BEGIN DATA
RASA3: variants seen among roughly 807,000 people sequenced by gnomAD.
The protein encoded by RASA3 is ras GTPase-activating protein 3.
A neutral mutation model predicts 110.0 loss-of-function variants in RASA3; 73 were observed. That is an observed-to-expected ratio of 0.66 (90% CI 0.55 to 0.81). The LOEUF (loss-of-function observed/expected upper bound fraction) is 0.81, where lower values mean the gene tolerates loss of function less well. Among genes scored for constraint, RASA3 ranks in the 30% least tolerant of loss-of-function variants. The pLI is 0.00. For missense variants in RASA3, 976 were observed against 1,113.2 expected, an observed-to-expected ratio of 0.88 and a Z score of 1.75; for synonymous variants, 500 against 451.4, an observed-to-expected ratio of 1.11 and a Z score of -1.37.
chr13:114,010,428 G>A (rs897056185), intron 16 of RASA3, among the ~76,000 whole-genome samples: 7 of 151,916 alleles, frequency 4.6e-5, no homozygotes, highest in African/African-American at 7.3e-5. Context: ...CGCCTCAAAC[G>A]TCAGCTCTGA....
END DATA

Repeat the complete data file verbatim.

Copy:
RASA3: variants seen among roughly 807,000 people sequenced by gnomAD.
The protein encoded by RASA3 is ras GTPase-activating protein 3.
A neutral mutation model predicts 110.0 loss-of-function variants in RASA3; 73 were observed. That is an observed-to-expected ratio of 0.66 (90% CI 0.55 to 0.81). The LOEUF (loss-of-function observed/expected upper bound fraction) is 0.81, where lower values mean the gene tolerates loss of function less well. Among genes scored for constraint, RASA3 ranks in the 30% least tolerant of loss-of-function variants. The pLI is 0.00. For missense variants in RASA3, 976 were observed against 1,113.2 expected, an observed-to-expected ratio of 0.88 and a Z score of 1.75; for synonymous variants, 500 against 451.4, an observed-to-expected ratio of 1.11 and a Z score of -1.37.
chr13:114,010,428 G>A (rs897056185), intron 16 of RASA3, among the ~76,000 whole-genome samples: 7 of 151,916 alleles, frequency 4.6e-5, no homozygotes, highest in African/African-American at 7.3e-5. Context: ...CGCCTCAAAC[G>A]TCAGCTCTGA....